Short Stories, Irish literature, Classics, Modern Fiction and Contemporary Literary Fiction, The Japanese Novel and post Colonial Asian Fiction, Yiddish Literature, The Legacy of the Austro-Hungarian Empire and quality historical novels are some of my Literary Interests





Friday, October 12, 2018

“The Little Messiah”. - A Short Story centered on The Traditions of. Yeminite Jews in The 1950s - by Rikudah Potash







RIkudah  Potash 

Born 1903 in Tshenstokhov, Poland

Moves to Jerusalem in 1934 

Dies 1965 in Jerusalem

In the early 1950s thousands of Yeminite Jews migrated to Israel.  At time Israel was largely settled by Eastern European and Russian immigrants, commonly identfied as Yiddish Jews.  They dominated the society in all areas.  The reasons for mass migration Jews from Yemen, a subject I just began to explore today, are complicated and controversial.  It is clear many did not want them in Israel.  There are unsubstantiated to this day claims of kidnapping of Yemenite babies to be raised as “mainstream” Europeans tradition Jews.  They were looked down upon for their skin tone, at the time many suggested they were not    “Pure Jews” but mixed with African bloodlines.


Rikudah Potash is one of the very few, writing in Yiddish, who focused on stories about Yemenite Jews living in Israel.  “The Little Messiah” shows Yemenite traditions involved, circa 1950, when a boy is born.  Potash vividly showed us what happens on this all important occasion.

“It didn’t take long for two young boys with long peyehs sidelocks to appear. They went from door to door to announce that a male child had been born. It also didn’t take long for Yemenite women, young and old, to push themselves through the low doorway where the kimpetorin, the woman who’d just given birth, lay on a raised bed, wrapped in a colourful Yemenite shawl. She looked like a little girl herself. She had a black pim-ple on the tip of her nose, and large, dark, dreamy eyes. Her hands were tawny, childlike, and they fluttered nervously. All the cheder boys came by to get a taste of Alkhasid’s delicacy. The women coming to wish her mazel tov placed their hands to their lips three times and let out a strange wail”.

There seems to be something very special about this baby, it is felt he maybe a “little messiah” destined to lead his people out of poverty and repression.

He appears to be born holding The Old Testament.

“Nemah, the really old one, not a single tooth left in her mouth, tells the kimpetorin what she dreamt: “To Simkhe was born a little Messiah. He came out of the womb with a tiny Tanakh in his hand, and this was a sign that he had studied the Torah for the whole nine months. He didn’t even get scared when the angel came to give him a flick under the nose so that he would forget everything, a sure sign that he had brought the Tanakh with him.”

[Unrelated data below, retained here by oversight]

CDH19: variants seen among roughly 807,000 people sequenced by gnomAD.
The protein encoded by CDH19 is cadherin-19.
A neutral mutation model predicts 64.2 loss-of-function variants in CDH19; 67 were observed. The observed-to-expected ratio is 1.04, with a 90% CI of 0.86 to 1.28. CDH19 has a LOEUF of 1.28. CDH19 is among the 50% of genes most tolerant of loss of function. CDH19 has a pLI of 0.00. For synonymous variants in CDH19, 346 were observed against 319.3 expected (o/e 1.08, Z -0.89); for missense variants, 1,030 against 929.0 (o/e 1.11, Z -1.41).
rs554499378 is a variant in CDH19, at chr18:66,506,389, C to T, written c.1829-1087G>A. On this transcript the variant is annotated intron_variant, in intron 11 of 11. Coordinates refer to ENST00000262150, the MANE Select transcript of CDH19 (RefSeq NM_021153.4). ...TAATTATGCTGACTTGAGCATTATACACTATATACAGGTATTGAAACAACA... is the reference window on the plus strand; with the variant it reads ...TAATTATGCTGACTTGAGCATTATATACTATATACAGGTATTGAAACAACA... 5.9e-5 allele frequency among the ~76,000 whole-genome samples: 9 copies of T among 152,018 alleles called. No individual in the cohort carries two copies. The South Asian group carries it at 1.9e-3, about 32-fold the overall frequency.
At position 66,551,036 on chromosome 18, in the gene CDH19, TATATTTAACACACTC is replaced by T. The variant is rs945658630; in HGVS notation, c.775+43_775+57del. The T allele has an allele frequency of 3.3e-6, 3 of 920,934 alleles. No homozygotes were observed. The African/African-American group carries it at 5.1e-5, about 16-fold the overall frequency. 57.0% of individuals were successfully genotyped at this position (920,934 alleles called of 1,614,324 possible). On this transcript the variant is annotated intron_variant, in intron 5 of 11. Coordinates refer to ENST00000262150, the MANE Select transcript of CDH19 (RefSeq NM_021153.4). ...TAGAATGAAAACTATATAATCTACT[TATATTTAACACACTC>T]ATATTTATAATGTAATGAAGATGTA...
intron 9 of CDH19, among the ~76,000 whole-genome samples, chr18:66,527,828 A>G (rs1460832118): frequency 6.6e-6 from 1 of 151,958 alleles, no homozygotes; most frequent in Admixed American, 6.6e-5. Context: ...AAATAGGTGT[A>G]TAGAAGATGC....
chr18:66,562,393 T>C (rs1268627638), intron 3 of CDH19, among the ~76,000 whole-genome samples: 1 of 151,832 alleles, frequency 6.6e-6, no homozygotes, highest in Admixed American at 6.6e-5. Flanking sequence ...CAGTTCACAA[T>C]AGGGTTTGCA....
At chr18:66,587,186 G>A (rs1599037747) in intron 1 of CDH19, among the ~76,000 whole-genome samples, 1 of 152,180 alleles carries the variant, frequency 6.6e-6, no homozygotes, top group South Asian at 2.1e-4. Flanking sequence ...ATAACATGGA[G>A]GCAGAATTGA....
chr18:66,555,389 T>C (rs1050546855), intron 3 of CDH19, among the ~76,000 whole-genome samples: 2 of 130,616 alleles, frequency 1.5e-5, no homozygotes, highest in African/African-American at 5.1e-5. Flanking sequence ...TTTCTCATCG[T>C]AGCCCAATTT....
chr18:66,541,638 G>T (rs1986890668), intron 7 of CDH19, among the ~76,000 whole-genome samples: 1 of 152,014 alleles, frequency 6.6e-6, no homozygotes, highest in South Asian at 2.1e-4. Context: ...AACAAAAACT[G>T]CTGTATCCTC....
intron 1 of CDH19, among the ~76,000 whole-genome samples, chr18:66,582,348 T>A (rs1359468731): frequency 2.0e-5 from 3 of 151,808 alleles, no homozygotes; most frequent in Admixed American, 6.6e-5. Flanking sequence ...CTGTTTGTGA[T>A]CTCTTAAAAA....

The second day of his birth an old man comes and begins to play unceasingly a flute.  After some discussion, the consensus is the old flute player was sent by The Great Messiah.

There is a lot of very interesting details about birth folklore, messiahs and much more.  

This story was elegantly translated from Yiddish by Shirley Kumove.  

I do not have the first publication data. If you do, please let me know.

Rikudah Potash (1903–1965) Born in Tshenstokhov, Poland, Rikudah Potash became a poet at sixteen. Stirred up by the Lemberg pogrom of 1918, she turned to Yiddish; her stories, novellas, essays, and theatre pieces appeared in literary journals worldwide. In 1934 she left Poland and settled in Jerusalem, where she lived for the next thirty years and continued her multi-faceted literary life. Her last prose writings, In geslekh fun Yerusholoyim ( In the Alleyways of Jerusalem), were devoted to the Eastern Jews from Yemen, Bukhara, and Salonika facing the challenging realities in the newly established state of Israel...from The Exile Book of Yiddish Women Writers / edited by Frieda Johles Forman; translated by the Toronto Yiddish Translation Group: Sam Blatt, Sarah Faerman, Vivian Felsen, Frieda Johles Forman, Shirley Kumove, Sylvia Lustgarten, Goldie Morgentaler, Alisa Poskanzer, and Ida Wynberg. Includes bibliographical 






















Rikudah Potash (1903–1965) Born in Tshenstokhov, Poland, Rikudah Potash became a poet at sixteen. Stirred up by the Lemberg pogrom of 1918, she turned to Yiddish; her stories, novellas, essays, and theatre pieces appeared in literary journals worldwide. In 1934 she left Poland and settled in Jerusalem, where she lived for the next thirty years and continued her multi-faceted literary life. Her last prose writings, In geslekh fun Yerusholoyim ( In the Alleyways of Jerusalem), were devoted to the Eastern Jews from Yemen, Bukhara, and Salonika facing the challenging realities in the newly established state of Israel...from The Exile Book of Yiddish Women Writers / edited by Frieda Johles Forman; translated by the Toronto Yiddish Translation Group: Sam Blatt, Sarah Faerman, Vivian Felsen, Frieda Johles Forman, Shirley Kumove, Sylvia Lustgarten, Goldie Morgentaler, Alisa Poskanzer, and Ida Wynberg. Includes bibliographical 






1 comment:

Buried In Print said...

Are you reading through this collection, or just a few stories? I feel like I've seen the cover recently here as well...